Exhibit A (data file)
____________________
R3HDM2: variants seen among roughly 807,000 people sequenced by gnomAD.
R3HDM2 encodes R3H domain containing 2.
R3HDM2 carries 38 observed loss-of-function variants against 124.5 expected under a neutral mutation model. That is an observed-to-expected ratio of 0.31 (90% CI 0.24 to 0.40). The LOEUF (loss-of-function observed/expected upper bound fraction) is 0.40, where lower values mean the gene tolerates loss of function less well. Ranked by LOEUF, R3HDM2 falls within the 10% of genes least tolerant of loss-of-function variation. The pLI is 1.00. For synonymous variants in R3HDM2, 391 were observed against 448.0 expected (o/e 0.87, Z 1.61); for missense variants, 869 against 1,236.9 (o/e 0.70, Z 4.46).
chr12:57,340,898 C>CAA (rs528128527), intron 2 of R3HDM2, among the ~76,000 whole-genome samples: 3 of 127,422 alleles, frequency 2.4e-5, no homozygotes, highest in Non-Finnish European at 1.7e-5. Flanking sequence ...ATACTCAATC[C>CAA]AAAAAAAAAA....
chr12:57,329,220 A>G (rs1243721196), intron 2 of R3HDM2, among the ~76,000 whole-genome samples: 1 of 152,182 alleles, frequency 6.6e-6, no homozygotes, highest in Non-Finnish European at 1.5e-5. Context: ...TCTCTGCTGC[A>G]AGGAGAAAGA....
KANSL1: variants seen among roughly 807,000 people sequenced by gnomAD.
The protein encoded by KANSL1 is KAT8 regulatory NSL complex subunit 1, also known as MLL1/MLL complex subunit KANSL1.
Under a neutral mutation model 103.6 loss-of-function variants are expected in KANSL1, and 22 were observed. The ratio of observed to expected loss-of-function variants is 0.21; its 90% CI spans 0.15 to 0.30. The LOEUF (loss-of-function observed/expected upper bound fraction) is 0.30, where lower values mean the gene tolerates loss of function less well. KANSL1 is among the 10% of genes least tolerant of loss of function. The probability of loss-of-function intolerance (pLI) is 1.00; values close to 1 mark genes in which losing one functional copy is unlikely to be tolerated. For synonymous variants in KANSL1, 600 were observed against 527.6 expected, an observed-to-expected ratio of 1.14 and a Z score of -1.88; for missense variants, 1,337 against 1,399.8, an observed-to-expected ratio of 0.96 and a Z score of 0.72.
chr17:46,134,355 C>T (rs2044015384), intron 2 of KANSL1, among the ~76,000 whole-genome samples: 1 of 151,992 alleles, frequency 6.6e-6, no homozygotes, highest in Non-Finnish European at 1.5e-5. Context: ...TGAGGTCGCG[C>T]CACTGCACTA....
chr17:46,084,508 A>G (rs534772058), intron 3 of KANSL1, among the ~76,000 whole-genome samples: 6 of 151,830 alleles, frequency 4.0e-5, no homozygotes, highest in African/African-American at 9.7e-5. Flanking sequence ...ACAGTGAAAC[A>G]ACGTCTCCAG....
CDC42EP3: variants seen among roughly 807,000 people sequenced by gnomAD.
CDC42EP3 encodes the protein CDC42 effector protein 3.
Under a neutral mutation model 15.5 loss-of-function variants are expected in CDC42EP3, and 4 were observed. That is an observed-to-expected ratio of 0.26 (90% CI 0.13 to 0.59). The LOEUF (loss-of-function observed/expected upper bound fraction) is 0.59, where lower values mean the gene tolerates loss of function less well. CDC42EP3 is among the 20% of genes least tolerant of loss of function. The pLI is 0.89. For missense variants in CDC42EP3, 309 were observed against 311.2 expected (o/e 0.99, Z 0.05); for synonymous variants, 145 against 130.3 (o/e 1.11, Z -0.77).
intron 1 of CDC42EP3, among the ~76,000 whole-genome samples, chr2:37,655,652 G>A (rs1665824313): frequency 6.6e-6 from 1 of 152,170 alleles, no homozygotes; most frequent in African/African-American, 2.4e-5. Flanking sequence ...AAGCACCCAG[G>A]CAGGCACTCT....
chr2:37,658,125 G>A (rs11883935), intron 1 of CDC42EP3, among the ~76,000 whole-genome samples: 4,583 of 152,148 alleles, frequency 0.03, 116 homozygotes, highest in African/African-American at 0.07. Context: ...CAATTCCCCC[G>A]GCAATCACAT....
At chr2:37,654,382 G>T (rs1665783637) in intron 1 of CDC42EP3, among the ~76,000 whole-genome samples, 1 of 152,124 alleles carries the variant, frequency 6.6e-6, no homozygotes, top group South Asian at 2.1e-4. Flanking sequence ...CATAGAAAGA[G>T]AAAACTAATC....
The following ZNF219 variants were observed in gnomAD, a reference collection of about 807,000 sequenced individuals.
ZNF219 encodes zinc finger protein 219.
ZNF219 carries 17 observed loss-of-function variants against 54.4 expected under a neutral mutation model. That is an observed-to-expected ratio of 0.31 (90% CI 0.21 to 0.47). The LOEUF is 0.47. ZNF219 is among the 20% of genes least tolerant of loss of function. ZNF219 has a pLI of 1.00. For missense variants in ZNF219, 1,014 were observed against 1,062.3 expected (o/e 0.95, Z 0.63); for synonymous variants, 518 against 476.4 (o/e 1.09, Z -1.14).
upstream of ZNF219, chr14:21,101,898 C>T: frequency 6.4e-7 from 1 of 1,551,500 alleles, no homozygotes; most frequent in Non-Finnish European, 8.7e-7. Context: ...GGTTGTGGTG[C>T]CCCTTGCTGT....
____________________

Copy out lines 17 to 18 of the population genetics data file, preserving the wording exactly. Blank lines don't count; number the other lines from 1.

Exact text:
The following ZNF219 variants were observed in gnomAD, a reference collection of about 807,000 sequenced individuals.
ZNF219 encodes zinc finger protein 219.